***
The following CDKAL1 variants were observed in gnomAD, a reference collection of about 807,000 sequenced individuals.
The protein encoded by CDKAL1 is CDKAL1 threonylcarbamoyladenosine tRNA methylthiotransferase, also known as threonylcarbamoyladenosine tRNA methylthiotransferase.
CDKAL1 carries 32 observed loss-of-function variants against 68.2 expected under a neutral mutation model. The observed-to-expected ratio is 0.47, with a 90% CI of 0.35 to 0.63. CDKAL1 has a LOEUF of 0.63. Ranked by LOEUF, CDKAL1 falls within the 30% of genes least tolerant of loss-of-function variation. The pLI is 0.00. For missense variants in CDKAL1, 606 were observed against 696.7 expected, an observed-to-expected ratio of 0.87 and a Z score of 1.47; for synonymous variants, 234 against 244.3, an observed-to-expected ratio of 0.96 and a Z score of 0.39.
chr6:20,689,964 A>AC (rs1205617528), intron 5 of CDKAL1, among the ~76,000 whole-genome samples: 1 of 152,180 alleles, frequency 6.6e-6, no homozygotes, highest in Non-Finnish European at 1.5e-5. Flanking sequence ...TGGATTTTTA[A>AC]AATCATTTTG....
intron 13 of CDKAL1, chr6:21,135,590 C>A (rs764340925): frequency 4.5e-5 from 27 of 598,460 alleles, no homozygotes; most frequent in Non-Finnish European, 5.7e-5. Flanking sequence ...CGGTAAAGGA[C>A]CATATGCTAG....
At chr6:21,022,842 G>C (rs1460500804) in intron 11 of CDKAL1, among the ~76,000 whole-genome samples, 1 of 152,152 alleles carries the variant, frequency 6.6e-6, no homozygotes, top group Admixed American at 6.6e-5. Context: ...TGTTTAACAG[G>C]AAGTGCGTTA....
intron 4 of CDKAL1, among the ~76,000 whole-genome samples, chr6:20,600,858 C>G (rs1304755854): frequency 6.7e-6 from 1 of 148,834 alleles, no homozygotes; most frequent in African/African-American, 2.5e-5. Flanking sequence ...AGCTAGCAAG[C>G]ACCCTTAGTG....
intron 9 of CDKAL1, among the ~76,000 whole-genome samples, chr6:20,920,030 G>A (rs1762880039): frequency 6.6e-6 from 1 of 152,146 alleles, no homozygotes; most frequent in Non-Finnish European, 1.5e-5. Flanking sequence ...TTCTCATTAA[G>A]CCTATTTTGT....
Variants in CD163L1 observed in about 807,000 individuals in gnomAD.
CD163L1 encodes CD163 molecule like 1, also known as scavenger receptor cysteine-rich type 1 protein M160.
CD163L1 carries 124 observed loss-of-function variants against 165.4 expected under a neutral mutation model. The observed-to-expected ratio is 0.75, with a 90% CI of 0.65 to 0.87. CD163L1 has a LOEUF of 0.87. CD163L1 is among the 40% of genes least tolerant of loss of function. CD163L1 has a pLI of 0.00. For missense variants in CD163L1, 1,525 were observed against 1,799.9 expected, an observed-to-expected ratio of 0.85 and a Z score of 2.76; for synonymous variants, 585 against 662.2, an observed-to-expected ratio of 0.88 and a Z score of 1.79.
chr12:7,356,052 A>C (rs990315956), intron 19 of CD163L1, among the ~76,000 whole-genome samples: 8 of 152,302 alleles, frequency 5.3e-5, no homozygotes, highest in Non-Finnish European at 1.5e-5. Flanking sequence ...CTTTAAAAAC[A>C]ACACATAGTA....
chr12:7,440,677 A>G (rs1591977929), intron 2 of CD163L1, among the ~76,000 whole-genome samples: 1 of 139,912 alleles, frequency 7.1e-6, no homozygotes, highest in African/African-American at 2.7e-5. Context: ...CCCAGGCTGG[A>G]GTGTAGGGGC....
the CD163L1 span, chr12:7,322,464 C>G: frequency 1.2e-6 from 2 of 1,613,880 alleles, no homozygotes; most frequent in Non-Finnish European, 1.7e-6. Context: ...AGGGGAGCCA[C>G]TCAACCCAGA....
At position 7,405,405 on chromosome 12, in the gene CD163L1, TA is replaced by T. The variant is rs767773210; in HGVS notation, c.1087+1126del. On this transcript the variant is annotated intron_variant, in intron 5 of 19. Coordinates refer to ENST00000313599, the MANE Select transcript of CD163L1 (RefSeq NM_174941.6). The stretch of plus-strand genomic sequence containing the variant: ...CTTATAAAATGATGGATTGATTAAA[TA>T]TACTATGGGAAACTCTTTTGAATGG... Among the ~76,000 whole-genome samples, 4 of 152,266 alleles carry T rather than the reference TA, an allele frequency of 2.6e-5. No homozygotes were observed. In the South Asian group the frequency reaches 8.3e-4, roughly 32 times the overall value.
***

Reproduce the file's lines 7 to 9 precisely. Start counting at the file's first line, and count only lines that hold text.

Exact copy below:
intron 4 of CDKAL1, among the ~76,000 whole-genome samples, chr6:20,600,858 C>G (rs1304755854): frequency 6.7e-6 from 1 of 148,834 alleles, no homozygotes; most frequent in African/African-American, 2.5e-5. Flanking sequence ...AGCTAGCAAG[C>G]ACCCTTAGTG....
intron 9 of CDKAL1, among the ~76,000 whole-genome samples, chr6:20,920,030 G>A (rs1762880039): frequency 6.6e-6 from 1 of 152,146 alleles, no homozygotes; most frequent in Non-Finnish European, 1.5e-5. Flanking sequence ...TTCTCATTAA[G>A]CCTATTTTGT....
Variants in CD163L1 observed in about 807,000 individuals in gnomAD.